Reach out to them

The simplest thing you can do for someone grieving a significant loss is to reach out to them in person when appropriate or by telephone. Twins who’ve lost their co-twin will need guidance and direction in developing a new routine on their birthday and a positive sense of self to get their spirits high. You can expect their birthday to be filled with sadness and grief, and there typically isn’t anything you can say or do to fix it for them. 

With that said, you can also add some joy to their special day by showing up and reminding them that they’re not alone in their grief. 

Encourage them to share stories

A unique phenomenon occurring after the death of a twin is that the survivor tends to take on characteristics of the deceased. They do this so that they can hold onto a piece of them for as long as possible.

An example of this is when an introverted twin takes on their deceased twin's extroverted personality and tries to become them as much as possible. It helps the survivors heal from their grief when they talk about their twin that died and what they were like when they were still living. Talking about them helps them remember their twin and slowly release their pain.

Validate their loneliness

A twinless twin may suffer from loneliness and depression associated with their loss. When a twin dies, the survivor loses a huge chunk of their identity. Their literal other half has disappeared, leading them to feel abandoned and alone on top of the subsequent loss of social support.

Many twins may be unfamiliar with alienation and loneliness, as they've always had their twin to rely on. When that support person dies, their feelings of abandonment are genuine. Acknowledging the immensity of their loss, especially on their birthday, helps support someone grieving their twin's death.

How to Honor, Remember, or Celebrate Your Deceased Twin on Your Birthday

Honoring a deceased loved one on their birthday can be both sad and joyful, but it doesn't have to be overwhelming for you if you prepare ahead of time how you'll celebrate the day. The anticipation of this special occasion often leads to feelings of emotional overload.

You can effectively eliminate all the unknowns that lead to apprehension on your birthday with proper planning. The tips below will help you celebrate this day in a way that honors both you and your deceased twin without making you feel shame or guilt.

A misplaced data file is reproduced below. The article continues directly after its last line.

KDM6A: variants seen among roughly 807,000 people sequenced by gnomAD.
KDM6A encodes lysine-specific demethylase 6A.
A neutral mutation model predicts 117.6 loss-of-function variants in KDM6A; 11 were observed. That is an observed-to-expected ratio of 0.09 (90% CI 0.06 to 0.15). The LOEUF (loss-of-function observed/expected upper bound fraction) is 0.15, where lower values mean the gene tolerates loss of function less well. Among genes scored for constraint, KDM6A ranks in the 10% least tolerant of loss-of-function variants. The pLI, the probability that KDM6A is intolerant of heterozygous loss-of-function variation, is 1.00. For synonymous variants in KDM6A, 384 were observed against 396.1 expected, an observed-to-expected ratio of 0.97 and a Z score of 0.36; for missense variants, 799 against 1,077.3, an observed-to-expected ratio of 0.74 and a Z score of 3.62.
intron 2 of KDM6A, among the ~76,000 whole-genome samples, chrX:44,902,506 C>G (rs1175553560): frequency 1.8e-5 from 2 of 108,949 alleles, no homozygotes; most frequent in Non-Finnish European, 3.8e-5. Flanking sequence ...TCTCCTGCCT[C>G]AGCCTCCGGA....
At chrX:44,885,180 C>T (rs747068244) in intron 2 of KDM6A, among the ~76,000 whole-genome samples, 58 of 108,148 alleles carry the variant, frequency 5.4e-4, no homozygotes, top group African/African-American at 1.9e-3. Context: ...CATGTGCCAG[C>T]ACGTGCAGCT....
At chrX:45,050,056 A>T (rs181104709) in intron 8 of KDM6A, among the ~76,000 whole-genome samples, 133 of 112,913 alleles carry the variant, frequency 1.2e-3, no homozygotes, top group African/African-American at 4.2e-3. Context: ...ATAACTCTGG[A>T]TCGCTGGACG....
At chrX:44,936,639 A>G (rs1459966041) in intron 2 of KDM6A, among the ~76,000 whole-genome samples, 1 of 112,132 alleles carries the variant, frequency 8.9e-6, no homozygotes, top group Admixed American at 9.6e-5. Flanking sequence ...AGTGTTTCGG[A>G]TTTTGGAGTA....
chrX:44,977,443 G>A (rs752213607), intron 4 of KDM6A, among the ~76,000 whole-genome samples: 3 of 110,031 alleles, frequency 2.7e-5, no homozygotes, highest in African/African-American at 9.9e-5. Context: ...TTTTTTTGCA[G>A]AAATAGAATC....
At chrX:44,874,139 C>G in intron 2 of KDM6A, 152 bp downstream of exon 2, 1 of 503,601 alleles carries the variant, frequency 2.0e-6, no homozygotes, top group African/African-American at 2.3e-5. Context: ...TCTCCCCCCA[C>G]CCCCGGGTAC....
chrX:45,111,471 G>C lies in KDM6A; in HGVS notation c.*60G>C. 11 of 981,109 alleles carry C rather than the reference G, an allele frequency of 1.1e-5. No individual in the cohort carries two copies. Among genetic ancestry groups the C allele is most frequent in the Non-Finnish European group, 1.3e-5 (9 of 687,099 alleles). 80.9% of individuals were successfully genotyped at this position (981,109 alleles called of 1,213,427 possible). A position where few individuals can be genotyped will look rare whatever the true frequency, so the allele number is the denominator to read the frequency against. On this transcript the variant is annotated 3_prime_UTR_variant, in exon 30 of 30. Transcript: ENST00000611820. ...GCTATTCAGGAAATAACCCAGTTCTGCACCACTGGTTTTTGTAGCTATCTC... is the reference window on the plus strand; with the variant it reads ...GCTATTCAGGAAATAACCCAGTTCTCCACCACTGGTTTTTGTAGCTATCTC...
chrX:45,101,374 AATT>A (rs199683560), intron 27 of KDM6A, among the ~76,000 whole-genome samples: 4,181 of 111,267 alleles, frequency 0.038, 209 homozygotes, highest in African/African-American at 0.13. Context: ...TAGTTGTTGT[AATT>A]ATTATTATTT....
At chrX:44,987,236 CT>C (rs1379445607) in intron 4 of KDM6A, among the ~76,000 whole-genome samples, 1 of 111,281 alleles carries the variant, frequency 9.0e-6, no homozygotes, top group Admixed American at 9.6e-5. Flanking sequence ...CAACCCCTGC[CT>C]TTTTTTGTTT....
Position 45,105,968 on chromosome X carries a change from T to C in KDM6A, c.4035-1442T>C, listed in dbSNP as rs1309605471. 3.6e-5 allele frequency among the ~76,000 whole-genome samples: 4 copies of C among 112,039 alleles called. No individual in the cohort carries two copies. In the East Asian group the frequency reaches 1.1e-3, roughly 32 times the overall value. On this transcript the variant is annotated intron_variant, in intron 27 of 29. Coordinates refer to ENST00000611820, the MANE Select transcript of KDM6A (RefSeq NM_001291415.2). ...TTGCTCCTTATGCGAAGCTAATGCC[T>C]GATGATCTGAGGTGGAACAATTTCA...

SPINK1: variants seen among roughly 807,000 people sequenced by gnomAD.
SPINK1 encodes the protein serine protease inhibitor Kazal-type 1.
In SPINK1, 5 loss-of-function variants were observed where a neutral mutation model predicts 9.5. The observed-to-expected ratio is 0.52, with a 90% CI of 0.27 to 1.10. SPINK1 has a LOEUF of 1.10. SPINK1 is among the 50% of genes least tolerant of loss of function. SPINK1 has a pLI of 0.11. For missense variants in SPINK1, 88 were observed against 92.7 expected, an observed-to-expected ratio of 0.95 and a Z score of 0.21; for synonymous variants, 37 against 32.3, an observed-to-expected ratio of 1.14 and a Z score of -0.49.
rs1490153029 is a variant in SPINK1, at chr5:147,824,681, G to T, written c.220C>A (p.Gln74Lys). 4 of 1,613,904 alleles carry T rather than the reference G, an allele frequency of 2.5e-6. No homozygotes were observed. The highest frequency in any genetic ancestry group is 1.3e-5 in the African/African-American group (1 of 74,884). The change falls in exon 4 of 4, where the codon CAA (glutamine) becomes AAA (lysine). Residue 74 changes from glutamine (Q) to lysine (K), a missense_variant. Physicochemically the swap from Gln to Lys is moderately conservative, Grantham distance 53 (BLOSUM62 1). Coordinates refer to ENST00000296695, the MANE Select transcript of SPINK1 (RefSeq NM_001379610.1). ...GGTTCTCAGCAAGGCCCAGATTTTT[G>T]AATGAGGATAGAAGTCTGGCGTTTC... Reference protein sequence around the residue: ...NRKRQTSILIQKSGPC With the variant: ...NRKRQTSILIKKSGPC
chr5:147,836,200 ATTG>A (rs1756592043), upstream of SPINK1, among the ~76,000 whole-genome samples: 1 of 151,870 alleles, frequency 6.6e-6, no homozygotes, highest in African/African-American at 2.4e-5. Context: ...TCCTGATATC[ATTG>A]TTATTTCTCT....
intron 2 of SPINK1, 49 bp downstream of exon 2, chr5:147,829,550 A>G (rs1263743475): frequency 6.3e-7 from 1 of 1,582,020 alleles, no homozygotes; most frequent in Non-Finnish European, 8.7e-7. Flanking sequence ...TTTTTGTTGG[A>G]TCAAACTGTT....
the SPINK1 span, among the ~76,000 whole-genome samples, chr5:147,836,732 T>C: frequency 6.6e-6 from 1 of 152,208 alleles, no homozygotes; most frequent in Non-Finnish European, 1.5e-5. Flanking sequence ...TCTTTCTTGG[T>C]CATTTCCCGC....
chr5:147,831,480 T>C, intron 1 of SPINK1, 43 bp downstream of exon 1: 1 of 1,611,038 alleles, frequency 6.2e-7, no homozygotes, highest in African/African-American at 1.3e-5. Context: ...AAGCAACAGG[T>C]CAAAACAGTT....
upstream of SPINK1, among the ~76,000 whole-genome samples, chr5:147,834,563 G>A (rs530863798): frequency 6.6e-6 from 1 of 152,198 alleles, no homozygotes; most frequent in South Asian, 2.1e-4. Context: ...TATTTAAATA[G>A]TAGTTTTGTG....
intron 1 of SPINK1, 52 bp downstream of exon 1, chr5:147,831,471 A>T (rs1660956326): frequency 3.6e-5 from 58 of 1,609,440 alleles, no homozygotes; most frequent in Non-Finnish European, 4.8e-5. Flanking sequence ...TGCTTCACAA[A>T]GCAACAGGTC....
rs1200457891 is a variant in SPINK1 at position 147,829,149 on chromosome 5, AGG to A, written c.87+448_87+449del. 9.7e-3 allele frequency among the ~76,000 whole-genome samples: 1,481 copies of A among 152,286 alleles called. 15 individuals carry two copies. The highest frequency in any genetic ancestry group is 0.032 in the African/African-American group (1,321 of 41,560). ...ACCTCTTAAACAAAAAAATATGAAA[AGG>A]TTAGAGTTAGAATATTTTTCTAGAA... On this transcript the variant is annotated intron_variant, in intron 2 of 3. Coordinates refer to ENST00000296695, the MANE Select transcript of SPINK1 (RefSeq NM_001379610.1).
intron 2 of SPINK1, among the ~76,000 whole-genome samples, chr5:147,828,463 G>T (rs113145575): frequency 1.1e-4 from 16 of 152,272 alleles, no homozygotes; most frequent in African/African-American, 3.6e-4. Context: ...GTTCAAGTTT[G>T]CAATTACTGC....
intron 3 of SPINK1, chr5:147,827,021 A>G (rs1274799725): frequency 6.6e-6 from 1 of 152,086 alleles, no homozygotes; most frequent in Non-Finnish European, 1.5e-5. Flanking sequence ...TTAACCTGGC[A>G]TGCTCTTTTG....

Plant a seed in their memory

Depending on the time of year your birthday falls, consider planting a tree or a flower garden as a living memorial in honor of your twin’s memory. You can dedicate this memorial to the life and legacy of your loved one while creating a dedicated space for you to contemplate your loss and process your grief.

A garden or tree planted offers grief support throughout the years, a place to go to maintain the bond with your twin, and a place to grieve. Consider mixing your loved one’s cremated ashes into the soil so you can incorporate their essence into this sacred area. 

Have fun for the both of you

Most people will never understand the pain of celebrating birthdays without a twin, and you may never allow yourself to experience the joy of another birthday without yours. Your grief is valid, and it’s understandable not to want to celebrate it after your twin has died. However, there’s nothing wrong with carving out a new way of adding meaning to the day the two of you were born.

Think back to what brought the two of you joy, the things that made you laugh, and the places you liked to visit. Go back to relive these moments in your twin’s honor by dedicating an outing to their memory while enjoying it for the both of you.

Spend the day alone

Permit yourself to have the day all to yourself on your birthday. It's OK if you don't want to celebrate your birthday without your twin. To avoid having any awkward conversations about how you'll spend your birthday, make plans to be alone on your birthday, and let everyone know how you'll be spending your special day.

Ask your friends and family to honor your wishes by not forcing a celebration on you. After a few years, they'll get used to not celebrating, and they'll grow to accept your choice. Your general unavailability should discourage them from planning anything for you on that day. 

Celebrating Without Your Twin

The depths of pain suffered after losing your twin are unimaginable for anyone who isn’t a twin. Only you know the unique and profound despair accompanying this type of loss. Celebrations no longer feel as such, and your desire to commemorate the special day without your twin may forever leave you. Time will ease some of your sufferings, opening the way for other ways of celebrating life and its milestones without your twin.